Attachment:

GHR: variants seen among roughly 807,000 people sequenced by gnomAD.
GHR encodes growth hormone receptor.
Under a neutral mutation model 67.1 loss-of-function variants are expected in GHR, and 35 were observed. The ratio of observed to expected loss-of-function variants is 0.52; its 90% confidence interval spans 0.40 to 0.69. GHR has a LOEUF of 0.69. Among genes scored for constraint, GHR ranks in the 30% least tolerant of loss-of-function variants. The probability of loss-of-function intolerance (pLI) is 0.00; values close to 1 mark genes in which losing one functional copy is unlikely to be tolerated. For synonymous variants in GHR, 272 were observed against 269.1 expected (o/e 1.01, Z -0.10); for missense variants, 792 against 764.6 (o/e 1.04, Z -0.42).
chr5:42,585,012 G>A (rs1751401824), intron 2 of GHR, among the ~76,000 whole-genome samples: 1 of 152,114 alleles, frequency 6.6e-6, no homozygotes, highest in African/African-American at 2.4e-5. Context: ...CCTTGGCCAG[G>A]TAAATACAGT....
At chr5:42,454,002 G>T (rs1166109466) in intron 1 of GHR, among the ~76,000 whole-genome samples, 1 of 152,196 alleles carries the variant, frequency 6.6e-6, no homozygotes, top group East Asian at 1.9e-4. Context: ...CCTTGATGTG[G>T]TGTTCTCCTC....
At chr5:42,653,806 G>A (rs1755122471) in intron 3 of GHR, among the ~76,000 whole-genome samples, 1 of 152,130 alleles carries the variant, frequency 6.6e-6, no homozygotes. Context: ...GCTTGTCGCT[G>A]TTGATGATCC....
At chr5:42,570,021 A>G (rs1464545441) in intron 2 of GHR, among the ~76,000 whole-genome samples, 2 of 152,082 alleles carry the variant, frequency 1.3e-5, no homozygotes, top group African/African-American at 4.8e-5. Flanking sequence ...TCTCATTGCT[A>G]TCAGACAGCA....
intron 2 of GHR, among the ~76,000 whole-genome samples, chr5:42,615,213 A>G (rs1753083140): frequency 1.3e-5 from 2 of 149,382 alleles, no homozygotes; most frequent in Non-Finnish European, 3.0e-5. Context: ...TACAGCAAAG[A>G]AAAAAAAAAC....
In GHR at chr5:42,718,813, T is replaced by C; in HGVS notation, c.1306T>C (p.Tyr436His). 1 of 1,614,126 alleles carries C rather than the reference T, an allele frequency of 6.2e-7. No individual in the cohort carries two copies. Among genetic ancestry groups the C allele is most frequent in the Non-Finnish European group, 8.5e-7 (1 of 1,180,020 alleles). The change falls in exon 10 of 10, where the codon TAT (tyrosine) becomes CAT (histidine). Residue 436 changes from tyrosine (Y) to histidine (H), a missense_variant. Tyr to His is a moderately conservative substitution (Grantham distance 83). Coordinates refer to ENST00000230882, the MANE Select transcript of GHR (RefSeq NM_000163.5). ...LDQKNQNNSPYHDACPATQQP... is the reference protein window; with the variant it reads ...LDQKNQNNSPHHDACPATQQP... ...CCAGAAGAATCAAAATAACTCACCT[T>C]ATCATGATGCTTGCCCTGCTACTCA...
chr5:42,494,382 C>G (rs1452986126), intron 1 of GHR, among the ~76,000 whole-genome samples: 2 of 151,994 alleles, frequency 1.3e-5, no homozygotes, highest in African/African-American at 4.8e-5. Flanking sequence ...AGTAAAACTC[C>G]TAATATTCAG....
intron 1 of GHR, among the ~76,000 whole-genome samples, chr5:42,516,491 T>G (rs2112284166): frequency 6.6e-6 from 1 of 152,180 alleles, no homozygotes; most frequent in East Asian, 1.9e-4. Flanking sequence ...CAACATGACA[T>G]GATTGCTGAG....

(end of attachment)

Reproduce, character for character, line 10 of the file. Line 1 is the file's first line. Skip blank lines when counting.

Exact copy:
chr5:42,494,382 C>G (rs1452986126), intron 1 of GHR, among the ~76,000 whole-genome samples: 2 of 151,994 alleles, frequency 1.3e-5, no homozygotes, highest in African/African-American at 4.8e-5. Flanking sequence ...AGTAAAACTC[C>G]TAATATTCAG....